I’ve been sliding this way for several weeks, months if I am honest.  But it all came rushing into stark clarity while at the Sustain Jefferson retreat this weekend.  The board and “fire souls” of the group gathered that weekend are mature (most are 50% older than I), intelligent (engineers, public officials, educators), and practical people -well read , experienced, and willing to Work For Change.  These are people I look to for advice and have earned my respect.  Late in the afternoon on Day 2 soon after the formal planning had completed, a retired engineer posited the following question -how are we going to help our community weather the coming storm- failing economies with their rising social costs, the end of cheap energy and the strain it will place on non-resilient towns like ours, and the lack of social cohesion that will be necessary to negotiate the The Natural Step Resource Funnelclosing of The Funnel (right).  Hearing someone whom I think of as educated and level headed give public voice to my Dark Thoughts was extremely sobering to me.   So much so that I had to go for a long , cold hike to shake the  existential nausea that had overtaken me.   While the planning meeting accomplished an incredible amount of work in a short amount of time towards setting our organization on a more productive course, one of the real results is that I am personally more concerned than ever about what Change I will see in my lifetime.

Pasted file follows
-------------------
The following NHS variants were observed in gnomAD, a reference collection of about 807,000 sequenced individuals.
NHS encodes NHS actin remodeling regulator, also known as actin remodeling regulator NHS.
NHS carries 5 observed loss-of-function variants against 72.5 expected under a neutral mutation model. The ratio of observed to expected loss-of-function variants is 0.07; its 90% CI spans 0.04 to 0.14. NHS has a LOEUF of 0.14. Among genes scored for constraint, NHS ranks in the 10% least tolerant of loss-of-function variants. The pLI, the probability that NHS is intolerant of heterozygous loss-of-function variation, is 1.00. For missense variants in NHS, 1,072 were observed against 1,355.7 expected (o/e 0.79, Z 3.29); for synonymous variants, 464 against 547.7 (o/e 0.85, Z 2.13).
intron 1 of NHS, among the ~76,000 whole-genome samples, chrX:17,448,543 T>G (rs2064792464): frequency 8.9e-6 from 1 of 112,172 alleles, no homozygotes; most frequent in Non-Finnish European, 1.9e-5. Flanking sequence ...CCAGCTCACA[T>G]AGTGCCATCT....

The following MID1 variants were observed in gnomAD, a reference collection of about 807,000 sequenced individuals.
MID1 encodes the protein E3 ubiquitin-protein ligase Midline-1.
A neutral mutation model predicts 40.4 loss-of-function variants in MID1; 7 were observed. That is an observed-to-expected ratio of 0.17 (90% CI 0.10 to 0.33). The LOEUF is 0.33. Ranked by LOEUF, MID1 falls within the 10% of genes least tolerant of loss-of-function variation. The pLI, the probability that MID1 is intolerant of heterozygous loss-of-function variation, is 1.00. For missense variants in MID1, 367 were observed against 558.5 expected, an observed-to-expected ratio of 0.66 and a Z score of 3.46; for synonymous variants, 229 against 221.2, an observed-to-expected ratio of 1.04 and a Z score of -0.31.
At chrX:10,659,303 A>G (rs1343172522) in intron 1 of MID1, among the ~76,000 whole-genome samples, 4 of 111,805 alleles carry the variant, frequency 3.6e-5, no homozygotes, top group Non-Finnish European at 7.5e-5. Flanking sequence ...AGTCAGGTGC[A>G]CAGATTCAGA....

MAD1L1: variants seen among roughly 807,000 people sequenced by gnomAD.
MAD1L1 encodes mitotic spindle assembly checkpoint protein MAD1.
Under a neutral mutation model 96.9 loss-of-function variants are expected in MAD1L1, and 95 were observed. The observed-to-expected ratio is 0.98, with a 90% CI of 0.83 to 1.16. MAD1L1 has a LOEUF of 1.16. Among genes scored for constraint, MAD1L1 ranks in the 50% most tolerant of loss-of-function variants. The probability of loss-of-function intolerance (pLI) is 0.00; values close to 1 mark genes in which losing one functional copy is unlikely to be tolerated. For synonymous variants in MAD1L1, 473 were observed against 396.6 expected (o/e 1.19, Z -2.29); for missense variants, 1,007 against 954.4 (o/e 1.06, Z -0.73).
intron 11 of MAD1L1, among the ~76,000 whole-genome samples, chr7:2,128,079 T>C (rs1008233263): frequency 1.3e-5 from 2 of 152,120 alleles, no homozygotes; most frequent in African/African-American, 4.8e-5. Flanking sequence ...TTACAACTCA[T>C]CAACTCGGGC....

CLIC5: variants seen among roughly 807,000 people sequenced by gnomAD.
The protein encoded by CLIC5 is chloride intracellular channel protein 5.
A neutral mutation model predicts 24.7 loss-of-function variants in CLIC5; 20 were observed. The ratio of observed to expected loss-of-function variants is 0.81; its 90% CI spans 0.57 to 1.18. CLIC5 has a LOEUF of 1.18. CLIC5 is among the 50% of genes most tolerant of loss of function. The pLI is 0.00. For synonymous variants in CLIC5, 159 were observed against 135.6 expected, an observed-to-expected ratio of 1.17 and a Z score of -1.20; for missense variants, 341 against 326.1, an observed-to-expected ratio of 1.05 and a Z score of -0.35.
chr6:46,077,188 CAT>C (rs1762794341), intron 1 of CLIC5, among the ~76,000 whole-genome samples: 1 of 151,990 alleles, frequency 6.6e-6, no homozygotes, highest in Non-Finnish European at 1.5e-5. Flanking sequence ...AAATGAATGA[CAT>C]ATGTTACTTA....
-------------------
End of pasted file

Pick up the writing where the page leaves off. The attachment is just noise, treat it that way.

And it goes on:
The difference is Tipping Points or Overshoot.  As recent as 6 months ago I felt we had time to work at the grassroots level to educate and inspire so that we could begin the urgent, but gradual change towards a more sustainable future.  CFL’s, hybrids, Victory Gardens – little things done by a growing number of people adding up to Real Change.  Now I am moving beyond that to Life Boats -what skills will we need to survive Overshoot.  Moving from adapting our lifestyles to something akin to survival.   Why?  Climate Change pundits often speak about Tipping Points -the abledo effect being one (when temps melt the arctic ice, which reflected much of the heat from the water, and the oceans begin to heat even faster); methane released from melting permafrost rapidly accelerating the Green House effect and the news of late is that the scientist are in awe at the rapidity of the current change -its making a mockery of their models.  My fear on the Peak Side is in Overshoot: when the we, in our hubris, “cross the streams” of the funnel – when resource use exceeds resource availability (finance, food, water, oil, soil) – we survive blindly for a time, only to come crashing to reality as the bubble bursts and we are forced live within our means not unlike overpopulated deer overbrowsing a habitat in the depth of a bitter winter.  The food riots of last year and the $140/brl  oil spurred Economic meltdown come to mind.